“In low-wage sectors, this is going to become one of the problems where people are leaving low-paying jobs for slightly better-paying jobs,” said Bianca Agustin, director of corporate responsibility at United for Respect, a nonprofit workers’ advocacy group. “Given the proliferation of companies making public commitments, I expect there will be some movement in this regard.”
Walmart, Darden Restaurants, McDonald’s, Home Depot, Hilton, Dollar General and FedEx, which collectively employ millions of people across the country, have not said whether they will cover travel expenses for out-of-state abortions. A spokeswoman for Walmart, which employs 1.7 million U.S. workers, said the company regularly reviews its benefits based on employee demand, and the company now “considers the evolving federal and state landscape” when reviewing its offerings reconsider The rest of the companies listed did not respond to multiple requests for comment.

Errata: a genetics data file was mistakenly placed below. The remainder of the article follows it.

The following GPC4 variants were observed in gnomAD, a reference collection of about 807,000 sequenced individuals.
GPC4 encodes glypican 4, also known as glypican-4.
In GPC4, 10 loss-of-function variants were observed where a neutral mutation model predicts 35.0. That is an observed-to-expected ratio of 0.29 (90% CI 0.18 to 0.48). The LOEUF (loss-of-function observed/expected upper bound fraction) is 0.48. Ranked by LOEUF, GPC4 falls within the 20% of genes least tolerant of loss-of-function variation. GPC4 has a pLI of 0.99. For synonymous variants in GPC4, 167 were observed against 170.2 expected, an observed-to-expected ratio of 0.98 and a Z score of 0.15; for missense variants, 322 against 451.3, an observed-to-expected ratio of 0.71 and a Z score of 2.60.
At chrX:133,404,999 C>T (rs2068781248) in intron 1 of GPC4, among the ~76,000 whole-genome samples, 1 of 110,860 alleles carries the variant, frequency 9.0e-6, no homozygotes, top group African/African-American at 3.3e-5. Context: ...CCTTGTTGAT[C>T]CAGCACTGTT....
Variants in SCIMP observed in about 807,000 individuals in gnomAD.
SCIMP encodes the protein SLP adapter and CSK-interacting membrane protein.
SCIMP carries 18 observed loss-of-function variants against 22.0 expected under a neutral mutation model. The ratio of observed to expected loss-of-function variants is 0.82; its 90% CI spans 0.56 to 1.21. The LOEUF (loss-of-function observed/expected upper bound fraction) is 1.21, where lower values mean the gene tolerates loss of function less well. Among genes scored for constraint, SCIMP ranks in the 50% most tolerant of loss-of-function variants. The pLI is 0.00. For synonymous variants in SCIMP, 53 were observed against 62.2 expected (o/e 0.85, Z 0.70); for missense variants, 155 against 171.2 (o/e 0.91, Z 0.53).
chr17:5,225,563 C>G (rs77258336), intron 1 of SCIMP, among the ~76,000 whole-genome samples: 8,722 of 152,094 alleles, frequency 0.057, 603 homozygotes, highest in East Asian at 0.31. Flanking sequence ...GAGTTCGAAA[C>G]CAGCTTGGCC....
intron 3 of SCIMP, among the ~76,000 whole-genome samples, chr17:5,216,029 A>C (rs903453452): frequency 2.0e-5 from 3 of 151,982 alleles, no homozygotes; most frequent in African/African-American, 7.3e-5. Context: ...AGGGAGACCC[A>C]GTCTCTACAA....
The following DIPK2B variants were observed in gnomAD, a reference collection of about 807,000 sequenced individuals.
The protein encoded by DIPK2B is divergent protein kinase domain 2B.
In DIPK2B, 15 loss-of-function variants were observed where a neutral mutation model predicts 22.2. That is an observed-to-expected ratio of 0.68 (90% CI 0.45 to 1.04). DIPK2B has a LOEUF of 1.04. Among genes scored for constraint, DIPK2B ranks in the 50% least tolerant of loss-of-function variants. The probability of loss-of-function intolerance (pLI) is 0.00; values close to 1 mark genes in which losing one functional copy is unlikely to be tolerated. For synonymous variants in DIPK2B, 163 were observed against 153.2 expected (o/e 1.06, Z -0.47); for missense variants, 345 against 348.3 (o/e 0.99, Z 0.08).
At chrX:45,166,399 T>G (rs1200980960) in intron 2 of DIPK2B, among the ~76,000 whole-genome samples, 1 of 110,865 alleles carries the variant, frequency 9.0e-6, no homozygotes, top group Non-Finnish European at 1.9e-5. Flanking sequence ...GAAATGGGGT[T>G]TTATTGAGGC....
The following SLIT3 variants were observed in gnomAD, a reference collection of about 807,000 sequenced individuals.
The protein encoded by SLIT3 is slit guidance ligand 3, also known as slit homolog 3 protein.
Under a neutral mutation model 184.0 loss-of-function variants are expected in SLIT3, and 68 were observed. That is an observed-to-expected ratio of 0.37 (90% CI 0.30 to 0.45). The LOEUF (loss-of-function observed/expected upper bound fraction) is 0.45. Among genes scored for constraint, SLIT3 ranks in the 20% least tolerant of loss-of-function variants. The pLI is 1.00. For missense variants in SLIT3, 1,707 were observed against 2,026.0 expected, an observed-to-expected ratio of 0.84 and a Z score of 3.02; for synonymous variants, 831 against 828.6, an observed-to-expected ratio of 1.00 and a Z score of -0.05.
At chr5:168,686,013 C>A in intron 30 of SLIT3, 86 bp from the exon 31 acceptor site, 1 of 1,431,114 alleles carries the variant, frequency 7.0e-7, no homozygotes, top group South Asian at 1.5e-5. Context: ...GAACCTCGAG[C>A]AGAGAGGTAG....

“We are working thoughtfully and diligently to find the best way forward, guided by our desire to support our employees, all of our employees,” Walmart CEO Doug McMillon wrote in a memo to employees on Friday.
Amazon, the country’s second-largest private employer after Walmart, said it would undertake out-of-state abortion trips for its employees, most of whom are hourly workers. However, this benefit applies to the health plan employees, not the contractors who make up a significant portion of the workforce, such as B. the huge network of delivery drivers.
As the list of companies covering abortion-related travel grows, some workers are wondering why their employers aren’t doing the same. Isabela Burrows, 19, who works at PetSmart in Howell, Michigan, learned that Roe v. Wade had been brought down by a client last week and was frustrated that her company hadn’t said anything. Michigan has an abortion ban that has been blocked in court and that Democratic leaders have said they will not enforce.